LinkedIn groups offer you additional networking opportunities. According to Business Insider Career Expert, Matt Johnston, joining LinkedIn groups is one of the fastest ways to connect to other people in your industry. Once you are a member of a group, make sure to actively take part in discussions on a regular basis. Offer your insight, and try to help other professionals who are facing issues you have encountered in the past. The more visible and active you are in your groups, the more likely you are to be noticed by employers.
While you generally cannot send messages to people you are not connected to, LinkedIn does allow you to message people who are in your groups. That means if you talk with someone who could be a job lead or an employer, you are able to message that person to continue the conversation.
2. Your Cover Letter
Even though the majority of job searching is now done online, you should have an excellent cover letter ready to present to a potential employer, along with a stellar resume. It takes some work to write a cover letter that makes you stand out from your competition, but you will find that if you put in the effort, it will be worth it.
It was once believed that your salutation on a cover letter was insignificant. However, according to Lisa Vaas, Job Search Expert forTheLadders.com, your salutation is your chance to make a positive first impression on a recruiter or employer. When it comes to using the “Dear Sir or Madam” technique she cautions, “What this generic salutation says isn’t positive: Namely, that the author couldn’t be bothered to find out the hiring manager’s name.” Research the name of the person who will be reviewing your cover letter and your resume so that you can include it before you hit send or drop it in the mail.
As you write your letter, be sure to include the company’s name. If it becomes clear that your letter is more of a form letter, and not personalized, it may be discarded. Talk about why you want to work for that company, and clearly discuss what experience you are bringing to the table. In a sense, your cover letter should hit the high points of your resume. Adding bullet points will make your accomplishments stand out, and they are useful for drawing the reader’s eyes to the right places.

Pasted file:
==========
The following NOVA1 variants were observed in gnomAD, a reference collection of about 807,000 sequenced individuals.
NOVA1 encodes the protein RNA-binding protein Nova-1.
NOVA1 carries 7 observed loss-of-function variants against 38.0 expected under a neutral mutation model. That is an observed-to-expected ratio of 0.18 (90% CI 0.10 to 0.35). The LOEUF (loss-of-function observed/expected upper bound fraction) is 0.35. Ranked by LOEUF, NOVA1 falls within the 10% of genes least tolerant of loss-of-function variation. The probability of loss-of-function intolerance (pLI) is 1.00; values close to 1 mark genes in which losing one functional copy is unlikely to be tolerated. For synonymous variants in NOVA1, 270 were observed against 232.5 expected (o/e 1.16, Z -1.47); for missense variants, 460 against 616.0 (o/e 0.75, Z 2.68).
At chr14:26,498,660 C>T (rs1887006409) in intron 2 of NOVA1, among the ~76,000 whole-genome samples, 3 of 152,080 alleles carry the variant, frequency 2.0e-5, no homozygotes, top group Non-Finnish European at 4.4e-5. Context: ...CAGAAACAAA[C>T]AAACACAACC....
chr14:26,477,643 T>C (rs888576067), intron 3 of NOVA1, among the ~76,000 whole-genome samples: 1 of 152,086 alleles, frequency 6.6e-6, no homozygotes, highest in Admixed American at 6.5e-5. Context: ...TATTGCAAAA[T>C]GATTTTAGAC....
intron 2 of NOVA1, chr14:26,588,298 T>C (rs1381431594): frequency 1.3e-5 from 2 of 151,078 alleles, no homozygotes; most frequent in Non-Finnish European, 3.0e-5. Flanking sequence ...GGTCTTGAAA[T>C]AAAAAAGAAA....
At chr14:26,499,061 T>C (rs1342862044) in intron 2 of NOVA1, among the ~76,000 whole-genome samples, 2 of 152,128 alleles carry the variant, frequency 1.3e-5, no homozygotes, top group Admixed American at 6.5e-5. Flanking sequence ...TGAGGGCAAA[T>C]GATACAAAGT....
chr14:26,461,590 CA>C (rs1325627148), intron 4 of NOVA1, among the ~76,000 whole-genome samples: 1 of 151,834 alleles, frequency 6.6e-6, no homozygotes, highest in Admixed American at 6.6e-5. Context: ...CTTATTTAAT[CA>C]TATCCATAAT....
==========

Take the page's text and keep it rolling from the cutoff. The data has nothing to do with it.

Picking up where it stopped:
Your cover letter should be one page in length. Before you close, be sure to ask for an interview. This is the section many job seekers neglects because they fear they are being too forward. However, adding a call to action to your cover letter will give you the best chance of receiving a response. In addition, pinpoint a date when the reader can expect to hear from you for a follow-up call.
When you have finished your cover letter, proofread it several times. Correct any mistakes in grammar or punctuation. The best way to find errors is to read what you have written out loud to yourself. Once you are certain that your cover letter is perfect, you are ready to work on polishing your resume.
3. Your Resume – Revisited
Whether you are applying for jobs online, or you are meeting potential employers face-to-face, if you have been out of the job hunt for a while, your resume probably needs to be updated. However, this requires more than just adding your most recent job title and duties to the page. Today’s employers are looking for certain key elements in a resume, and if they are not there, they quickly go into the circular file. In fact, according to one recent study, you have about six seconds to make an impression on a potential recruiter.
Forget the Objective
If your old resume included an objective at the top of the page, replace this section with your Career Summary. Employers consider the objective section to be a waste of time, and they are much more interested in your professional achievements. Highlight your successes by using a bulleted list that includes quantified statistics. This list will not only demonstrate what you have accomplished, but it will also illustrate what you are capable of bringing into your new position.
Revamp Your Work History
Fortunately, there is no longer a need to include every job you have ever held on your resume. Instead, use this space to provide details on your last ten to fifteen years of employment. Include actionable terms that demonstrate the qualities you possess according to your Career Summary section. Your work history should outline your track record and how it complements your overall career goals.